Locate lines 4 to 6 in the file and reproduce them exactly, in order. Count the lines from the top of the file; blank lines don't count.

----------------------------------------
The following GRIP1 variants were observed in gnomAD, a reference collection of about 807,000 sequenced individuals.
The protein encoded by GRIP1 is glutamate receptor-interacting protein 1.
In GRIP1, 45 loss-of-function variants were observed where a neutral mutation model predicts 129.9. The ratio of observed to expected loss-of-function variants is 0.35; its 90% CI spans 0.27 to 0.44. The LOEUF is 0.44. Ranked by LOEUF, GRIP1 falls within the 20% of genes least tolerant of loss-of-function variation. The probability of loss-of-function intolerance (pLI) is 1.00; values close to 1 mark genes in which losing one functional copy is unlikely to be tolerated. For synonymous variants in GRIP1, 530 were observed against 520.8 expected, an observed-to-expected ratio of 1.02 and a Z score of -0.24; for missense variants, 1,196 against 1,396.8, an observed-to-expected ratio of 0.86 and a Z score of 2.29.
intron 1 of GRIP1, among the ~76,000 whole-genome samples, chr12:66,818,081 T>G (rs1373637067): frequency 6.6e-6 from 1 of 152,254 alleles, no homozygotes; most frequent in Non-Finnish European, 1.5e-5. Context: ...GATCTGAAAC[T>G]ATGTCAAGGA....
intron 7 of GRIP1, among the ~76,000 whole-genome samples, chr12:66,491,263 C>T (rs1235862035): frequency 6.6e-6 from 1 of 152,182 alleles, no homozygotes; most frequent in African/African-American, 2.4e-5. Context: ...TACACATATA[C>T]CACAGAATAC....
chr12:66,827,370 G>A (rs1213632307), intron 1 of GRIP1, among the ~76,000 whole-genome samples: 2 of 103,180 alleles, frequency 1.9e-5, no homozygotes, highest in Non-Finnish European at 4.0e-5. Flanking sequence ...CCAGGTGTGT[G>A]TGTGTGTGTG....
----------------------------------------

intron 1 of GRIP1, among the ~76,000 whole-genome samples, chr12:66,818,081 T>G (rs1373637067): frequency 6.6e-6 from 1 of 152,254 alleles, no homozygotes; most frequent in Non-Finnish European, 1.5e-5. Context: ...GATCTGAAAC[T>G]ATGTCAAGGA....
intron 7 of GRIP1, among the ~76,000 whole-genome samples, chr12:66,491,263 C>T (rs1235862035): frequency 6.6e-6 from 1 of 152,182 alleles, no homozygotes; most frequent in African/African-American, 2.4e-5. Context: ...TACACATATA[C>T]CACAGAATAC....
chr12:66,827,370 G>A (rs1213632307), intron 1 of GRIP1, among the ~76,000 whole-genome samples: 2 of 103,180 alleles, frequency 1.9e-5, no homozygotes, highest in Non-Finnish European at 4.0e-5. Flanking sequence ...CCAGGTGTGT[G>A]TGTGTGTGTG....